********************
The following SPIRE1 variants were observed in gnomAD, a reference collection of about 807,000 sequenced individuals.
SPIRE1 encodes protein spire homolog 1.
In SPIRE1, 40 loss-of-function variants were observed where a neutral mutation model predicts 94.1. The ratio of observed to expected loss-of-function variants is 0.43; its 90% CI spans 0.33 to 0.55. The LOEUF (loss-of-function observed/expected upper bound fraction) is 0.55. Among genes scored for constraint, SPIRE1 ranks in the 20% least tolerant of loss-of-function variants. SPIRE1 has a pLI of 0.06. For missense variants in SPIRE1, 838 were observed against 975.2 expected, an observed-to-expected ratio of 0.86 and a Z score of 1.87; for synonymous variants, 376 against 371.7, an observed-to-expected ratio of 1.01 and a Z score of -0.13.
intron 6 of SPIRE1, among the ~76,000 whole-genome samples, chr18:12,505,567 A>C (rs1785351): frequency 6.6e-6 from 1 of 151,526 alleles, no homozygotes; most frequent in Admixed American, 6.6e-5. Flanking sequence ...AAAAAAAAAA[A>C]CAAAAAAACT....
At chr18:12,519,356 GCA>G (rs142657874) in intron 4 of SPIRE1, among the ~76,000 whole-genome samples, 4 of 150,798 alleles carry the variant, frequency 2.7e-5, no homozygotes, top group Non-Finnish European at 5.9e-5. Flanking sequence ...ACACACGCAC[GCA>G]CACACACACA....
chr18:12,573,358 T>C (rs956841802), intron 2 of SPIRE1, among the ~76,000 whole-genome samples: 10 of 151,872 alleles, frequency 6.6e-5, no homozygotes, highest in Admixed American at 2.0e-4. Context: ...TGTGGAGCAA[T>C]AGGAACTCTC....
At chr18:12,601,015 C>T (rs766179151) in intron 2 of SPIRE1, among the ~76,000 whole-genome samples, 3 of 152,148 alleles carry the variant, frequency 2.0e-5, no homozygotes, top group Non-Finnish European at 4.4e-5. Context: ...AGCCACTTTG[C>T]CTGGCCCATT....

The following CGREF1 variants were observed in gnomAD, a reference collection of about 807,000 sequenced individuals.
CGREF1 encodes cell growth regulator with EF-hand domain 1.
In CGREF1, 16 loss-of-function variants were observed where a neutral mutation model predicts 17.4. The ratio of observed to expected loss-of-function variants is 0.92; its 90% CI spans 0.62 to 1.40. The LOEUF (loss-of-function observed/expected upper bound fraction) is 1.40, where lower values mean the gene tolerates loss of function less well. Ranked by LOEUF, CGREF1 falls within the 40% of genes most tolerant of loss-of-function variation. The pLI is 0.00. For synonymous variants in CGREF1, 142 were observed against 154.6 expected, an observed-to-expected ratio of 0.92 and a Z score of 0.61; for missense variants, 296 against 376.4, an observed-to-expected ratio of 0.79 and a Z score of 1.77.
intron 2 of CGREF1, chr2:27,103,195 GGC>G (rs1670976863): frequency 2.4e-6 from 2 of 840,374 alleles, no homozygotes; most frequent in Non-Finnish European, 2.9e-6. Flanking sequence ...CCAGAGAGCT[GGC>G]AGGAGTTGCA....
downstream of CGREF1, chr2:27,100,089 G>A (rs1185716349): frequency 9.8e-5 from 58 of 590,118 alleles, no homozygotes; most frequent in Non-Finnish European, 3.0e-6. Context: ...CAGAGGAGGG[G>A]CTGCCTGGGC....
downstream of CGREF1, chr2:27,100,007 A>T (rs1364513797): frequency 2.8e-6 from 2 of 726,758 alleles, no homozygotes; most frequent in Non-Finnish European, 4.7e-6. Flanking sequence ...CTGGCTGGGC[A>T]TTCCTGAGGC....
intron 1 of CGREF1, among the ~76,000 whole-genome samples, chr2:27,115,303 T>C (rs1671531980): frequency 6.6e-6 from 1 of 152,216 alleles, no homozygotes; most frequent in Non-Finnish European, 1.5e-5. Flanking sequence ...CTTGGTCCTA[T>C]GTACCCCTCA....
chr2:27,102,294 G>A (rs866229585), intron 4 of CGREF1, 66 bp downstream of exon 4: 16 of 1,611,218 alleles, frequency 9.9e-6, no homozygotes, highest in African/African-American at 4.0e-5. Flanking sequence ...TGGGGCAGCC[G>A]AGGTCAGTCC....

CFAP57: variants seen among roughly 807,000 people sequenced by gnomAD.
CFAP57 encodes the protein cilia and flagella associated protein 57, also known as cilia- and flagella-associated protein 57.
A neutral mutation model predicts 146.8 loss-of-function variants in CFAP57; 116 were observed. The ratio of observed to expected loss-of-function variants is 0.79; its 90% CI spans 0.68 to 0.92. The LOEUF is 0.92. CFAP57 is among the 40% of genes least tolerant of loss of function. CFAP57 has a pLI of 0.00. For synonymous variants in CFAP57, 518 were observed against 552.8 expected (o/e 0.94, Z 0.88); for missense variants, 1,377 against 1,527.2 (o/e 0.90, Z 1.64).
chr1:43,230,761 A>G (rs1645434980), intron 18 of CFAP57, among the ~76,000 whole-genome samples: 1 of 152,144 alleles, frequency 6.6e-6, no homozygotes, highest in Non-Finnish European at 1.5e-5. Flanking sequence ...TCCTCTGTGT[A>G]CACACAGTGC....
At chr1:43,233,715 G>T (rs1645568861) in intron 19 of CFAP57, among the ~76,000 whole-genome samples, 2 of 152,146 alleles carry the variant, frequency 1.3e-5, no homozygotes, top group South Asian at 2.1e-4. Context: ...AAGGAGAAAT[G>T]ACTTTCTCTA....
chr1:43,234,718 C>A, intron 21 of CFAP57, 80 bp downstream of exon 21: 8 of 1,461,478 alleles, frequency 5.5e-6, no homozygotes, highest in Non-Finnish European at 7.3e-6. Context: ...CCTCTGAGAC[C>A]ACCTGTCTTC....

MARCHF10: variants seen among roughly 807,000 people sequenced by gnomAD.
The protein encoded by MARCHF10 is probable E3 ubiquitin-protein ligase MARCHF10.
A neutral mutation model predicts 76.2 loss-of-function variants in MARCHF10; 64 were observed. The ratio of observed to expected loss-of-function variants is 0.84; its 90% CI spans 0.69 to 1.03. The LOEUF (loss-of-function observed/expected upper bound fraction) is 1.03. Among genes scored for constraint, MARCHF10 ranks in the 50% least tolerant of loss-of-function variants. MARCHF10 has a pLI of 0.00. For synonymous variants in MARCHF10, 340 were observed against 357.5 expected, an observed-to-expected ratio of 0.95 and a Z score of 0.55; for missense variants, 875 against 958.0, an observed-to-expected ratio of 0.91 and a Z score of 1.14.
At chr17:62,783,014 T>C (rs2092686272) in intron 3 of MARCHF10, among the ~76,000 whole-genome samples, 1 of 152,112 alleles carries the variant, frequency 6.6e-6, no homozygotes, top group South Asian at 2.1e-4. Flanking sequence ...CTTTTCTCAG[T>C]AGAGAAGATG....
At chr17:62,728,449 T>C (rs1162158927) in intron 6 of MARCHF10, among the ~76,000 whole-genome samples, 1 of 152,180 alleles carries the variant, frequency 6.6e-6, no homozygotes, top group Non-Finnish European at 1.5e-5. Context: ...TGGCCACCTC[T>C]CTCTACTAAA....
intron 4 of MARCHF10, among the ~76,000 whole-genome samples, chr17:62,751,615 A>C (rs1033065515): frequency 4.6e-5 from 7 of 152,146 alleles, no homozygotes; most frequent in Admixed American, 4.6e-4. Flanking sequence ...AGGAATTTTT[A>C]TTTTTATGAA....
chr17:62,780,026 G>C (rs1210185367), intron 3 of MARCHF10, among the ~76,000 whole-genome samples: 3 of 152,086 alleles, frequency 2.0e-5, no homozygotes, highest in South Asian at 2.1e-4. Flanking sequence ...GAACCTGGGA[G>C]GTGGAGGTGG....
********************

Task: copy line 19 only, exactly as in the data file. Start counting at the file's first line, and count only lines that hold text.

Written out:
chr1:43,230,761 A>G (rs1645434980), intron 18 of CFAP57, among the ~76,000 whole-genome samples: 1 of 152,144 alleles, frequency 6.6e-6, no homozygotes, highest in Non-Finnish European at 1.5e-5. Flanking sequence ...TCCTCTGTGT[A>G]CACACAGTGC....